Feminine Orthodox rabbinics

Formal traditional recognition, which confers the qualifying title, is not a possibility in the Orthodox world for a woman.

Haredi family 311 (photo credit: Marc Israel Sellem)
Haredi family 311
(photo credit: Marc Israel Sellem)
Bar-Ilan University has decided to confer an honorary doctorate upon Malka Puterkovsky in a special ceremony to be held on May 22. With no formal rabbinic training, the Israeli Ms. Puterkovsky has developed into a traditional Orthodox rabbinic leader. That is, traditional in all ways but one – she is a woman.
The traditional rabbinic leader is recognized publicly for having acquired deep knowledge of the Talmud, as well as rabbinic responsa and literature. Many times the leader has gained this recognition due to teaching Torah in formal or informal educational settings, or through the publication of writings. This recognition can be crystallized in the form of questions in Jewish law being posed to the rabbinic leader by private individuals or even public forums. When the responses to these questions demonstrate erudition alongside creativity and thoughtfulness, the leader’s reputation spreads further.
This is a centuries-old natural process.
Malka Puterkovsky has gone through this decades-long process.
However, she is missing one element – she has never received smicha, rabbinic ordination, which is ordinarily the first step in the process. Due to the fact that she is a woman the possibility never even came up. Formal traditional recognition, which confers the qualifying title, is not a possibility in the Orthodox world for a woman, and Puterkovsky herself does not seek it. Nevertheless, Bar-Ilan University has determined that Puterkovsky is indeed worthy of recognition for her life’s achievements, thus bestowing upon her an honorary doctorate.
Bar-Ilan University, and its president Prof. Moshe Kaveh, should be commended for giving recognition to a phenomenon that by and large has gone largely unnoticed or which is even at times denied by mainstream Orthodoxy. The phenomenon is that of serious Orthodox women learning Torah, studying Talmud and gaining proficiency in rabbinic literature and law.
The Israeli programs of Nishmat’s yoatzot halacha, Women Halachic Consultants, trained in laws of ritual purity, and Ohr-Torah Stone’s toanot rabbaniot, Rabbinical Court Advocates, trained in Jewish divorce law and bet din practices, have contributed learned women to Jewish society. In fact, several of these highly trained professionals have gone on to increase their breadth of knowledge, acquiring PhD degrees in various Judaic Studies programs in Bar- Ilan University.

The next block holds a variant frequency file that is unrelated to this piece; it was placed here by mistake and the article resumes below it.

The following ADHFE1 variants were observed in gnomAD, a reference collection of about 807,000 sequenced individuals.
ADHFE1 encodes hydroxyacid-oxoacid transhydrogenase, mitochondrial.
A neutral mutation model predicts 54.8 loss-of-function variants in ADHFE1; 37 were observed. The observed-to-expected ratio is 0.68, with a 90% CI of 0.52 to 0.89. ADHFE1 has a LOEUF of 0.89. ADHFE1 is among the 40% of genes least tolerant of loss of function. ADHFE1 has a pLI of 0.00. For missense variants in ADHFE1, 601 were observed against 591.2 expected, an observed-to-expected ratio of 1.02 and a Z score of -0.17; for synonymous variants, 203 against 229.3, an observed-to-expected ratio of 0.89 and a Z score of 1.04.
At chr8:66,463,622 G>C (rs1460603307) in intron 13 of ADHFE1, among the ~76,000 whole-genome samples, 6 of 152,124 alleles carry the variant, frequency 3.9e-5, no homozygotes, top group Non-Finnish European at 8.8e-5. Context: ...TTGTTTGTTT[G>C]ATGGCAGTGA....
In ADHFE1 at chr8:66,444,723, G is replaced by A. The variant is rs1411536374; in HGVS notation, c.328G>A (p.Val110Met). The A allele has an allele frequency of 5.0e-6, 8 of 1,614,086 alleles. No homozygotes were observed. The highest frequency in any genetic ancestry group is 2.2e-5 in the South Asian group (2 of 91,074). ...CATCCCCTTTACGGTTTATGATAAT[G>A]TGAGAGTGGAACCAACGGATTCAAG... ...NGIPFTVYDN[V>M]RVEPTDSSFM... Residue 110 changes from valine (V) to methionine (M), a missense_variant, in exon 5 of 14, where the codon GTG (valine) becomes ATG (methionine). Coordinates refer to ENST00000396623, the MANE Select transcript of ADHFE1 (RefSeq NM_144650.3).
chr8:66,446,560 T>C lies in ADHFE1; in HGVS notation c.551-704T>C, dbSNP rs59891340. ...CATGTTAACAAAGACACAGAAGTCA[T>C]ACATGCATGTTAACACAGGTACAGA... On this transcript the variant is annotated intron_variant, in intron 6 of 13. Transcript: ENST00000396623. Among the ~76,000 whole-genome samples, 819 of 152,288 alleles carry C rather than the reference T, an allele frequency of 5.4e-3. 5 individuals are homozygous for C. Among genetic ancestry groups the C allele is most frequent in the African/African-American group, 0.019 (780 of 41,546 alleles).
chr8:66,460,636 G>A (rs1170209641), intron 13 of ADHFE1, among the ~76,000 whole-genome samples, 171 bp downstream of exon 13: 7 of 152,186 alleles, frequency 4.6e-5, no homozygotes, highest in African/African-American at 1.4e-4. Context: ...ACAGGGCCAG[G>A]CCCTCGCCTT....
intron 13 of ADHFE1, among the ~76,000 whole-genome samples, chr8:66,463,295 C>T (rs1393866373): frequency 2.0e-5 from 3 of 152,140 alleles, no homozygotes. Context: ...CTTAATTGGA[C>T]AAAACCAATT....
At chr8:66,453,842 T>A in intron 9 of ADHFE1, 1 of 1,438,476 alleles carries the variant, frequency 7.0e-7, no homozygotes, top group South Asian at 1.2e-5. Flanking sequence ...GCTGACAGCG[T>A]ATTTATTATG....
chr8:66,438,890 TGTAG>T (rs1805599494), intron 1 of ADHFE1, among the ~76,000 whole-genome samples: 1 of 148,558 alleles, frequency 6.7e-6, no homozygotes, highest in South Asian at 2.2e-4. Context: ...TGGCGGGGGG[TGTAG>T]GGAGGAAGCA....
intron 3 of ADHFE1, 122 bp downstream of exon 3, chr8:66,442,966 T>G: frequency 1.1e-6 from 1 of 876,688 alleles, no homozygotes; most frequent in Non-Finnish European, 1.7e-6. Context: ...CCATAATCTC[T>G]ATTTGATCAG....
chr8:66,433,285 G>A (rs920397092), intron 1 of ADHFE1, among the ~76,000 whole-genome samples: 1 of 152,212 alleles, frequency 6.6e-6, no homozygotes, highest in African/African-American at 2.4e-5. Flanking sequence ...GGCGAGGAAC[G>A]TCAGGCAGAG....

So, it is not surprising that the first Israeli institution of higher learning to acknowledge such a woman in a distinguished manner is Bar-Ilan University.
Its Department of Talmud and Jewish Oral Law has schooled and granted PhD degrees to a number of such women in the past few years, with its law school recently adding another female PhD in Jewish Law.
Bar-Ilan’s unique combination of academic freedom and critical thinking strongly based on Jewish tradition has allowed female scholarship in the traditional texts to flourish.
Having been a participant and observer for many decades of women studying Torah, I can state that there is one obvious difference between the direction of studies one overhears in a beit midrash – study hall – populated by men to that of one filled with women. The women have a similar acquisition of the theory, but there is an ultimate practical utilitarianism added on. It can be compared to studying math theory alone as opposed to then immediately continuing on to applied mathematics. This can be called the feminine side of Talmud study.
The feminine “take” continues through the study of early-day and latter-day responsa of the rabbinic literature.
When a particular woman ultimately is recognized as being part of the Orthodox Jewish leadership by her students and those who read her writings, consultations and questions in Jewish law follow. At that point, practical application of the Jewish legal thinking is natural.
Well over a decade ago, a “rabbi doctor” friend of mine told me that I must go for a PhD degree in Talmud – for as an Orthodox woman I could not acquire the title “rabbi” and thus no formal recognition or status. The title “Dr.” in front of my name could serve in its stead. Little did we know at the time that we stood at the threshold of an evolutionary process where the formal rabbinic title would prove to be not an absolute necessity.
Feminine (as opposed to feminist) Orthodox rabbinics has received its first formal recognition in the form of the honor bestowed on Malka Puterkovsky for her life’s work. Ken Yirbu – so should we be blessed in abundance.
The writer has a PhD from Bar-Ilan University in Talmud and Jewish Oral Law, is a rabbinical court advocate and coordinator of the Agunah and Get-Refusal Prevention Project of the Council of Young Israel Rabbis and the Jewish Agency. She is the author of Minee Einayich MeDim’ah on prenuptial agreements for the prevention of get refusal.